Give 'em Muck
Sunday, 15 December 2002
Before I learned that it was not correct line, I used to annoy my lefty acquaintances of university days with remarks about how funny I had found last Sunday night's Benny Hill Show. There's one skit of Benny's that I've recently remembered: in it, he plays a television producer on the telephone to a writer called Will. We never see Will, just Benny responding to Will's story ideas which he rejects one after another because the viewers might not like them. Such as the one about the black war hero who is married to a white woman, whom he kills at the end of the story. This is an idea that the viewers are definitely not ready for, but above all, they really want to see a happy ending. Which rules out the plays of William Shakespeare as television fare.
Which makes you wonder why Will ever wrote them in the first place: surely he knew that all those plays, (technically known as tragedies) where all the stars are dead at the end of the show with only a minor character or two to provide a eulogy, weren't going to play in Stratford-On-Avon (Elizabethan England's Peoria) no matter how many bits of comic business he inserted to get the groundlings through the box-office turnstiles. Apparently he woke up to himself at some stage in his writing career, because he seems to have turned out a lot of comedies too. Including The Merry Wives of Windsor which (so I read somewhere) was written at the behest of Good Queen Bess herself.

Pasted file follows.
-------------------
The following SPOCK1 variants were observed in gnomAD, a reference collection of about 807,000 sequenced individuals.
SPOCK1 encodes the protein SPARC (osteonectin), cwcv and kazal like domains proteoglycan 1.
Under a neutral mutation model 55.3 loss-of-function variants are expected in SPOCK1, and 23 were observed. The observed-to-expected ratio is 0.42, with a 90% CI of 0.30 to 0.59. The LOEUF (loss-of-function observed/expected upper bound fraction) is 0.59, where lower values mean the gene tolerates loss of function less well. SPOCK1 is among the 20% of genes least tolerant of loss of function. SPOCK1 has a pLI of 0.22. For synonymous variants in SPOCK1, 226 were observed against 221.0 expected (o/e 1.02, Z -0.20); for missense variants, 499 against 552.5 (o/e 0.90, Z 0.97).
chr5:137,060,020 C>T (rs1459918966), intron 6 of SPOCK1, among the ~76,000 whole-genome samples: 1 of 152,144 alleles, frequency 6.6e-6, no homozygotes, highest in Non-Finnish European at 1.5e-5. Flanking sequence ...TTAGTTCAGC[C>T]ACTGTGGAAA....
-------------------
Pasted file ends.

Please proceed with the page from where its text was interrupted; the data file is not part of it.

I can only speculate about how Will might have felt about this: did he ever have a quiet bitch to Anne Hathaway or Mr WH about how the punters only ever wanted to see the bloody comedies, never the serious stuff? Were there ever any stand-up rows with other members of the company about changes to the script to make them more acceptable to the populace? I don't know, nor I suspect does anyone else, because this is the kind of stuff that rarely makes it into any sort of written record. Although there are signs that this is changing, as this page that I found via Catallaxy shows.
Yes, this post is about that article by Fiona Scott-Norman and her allegedly elitist slur against the producers of Cabaret and popular culture in general. Because there are some serious points in here article and Scott-Norman's final question is a serious one: what sort of culture do we want? And is the assumption, made from Dame Nellie onwards, that we want muck true? Asking questions like these doesn't strike me as an elitist position, nor is making the assertion that we don't want muck. This bricklayer's son certainly doesn't.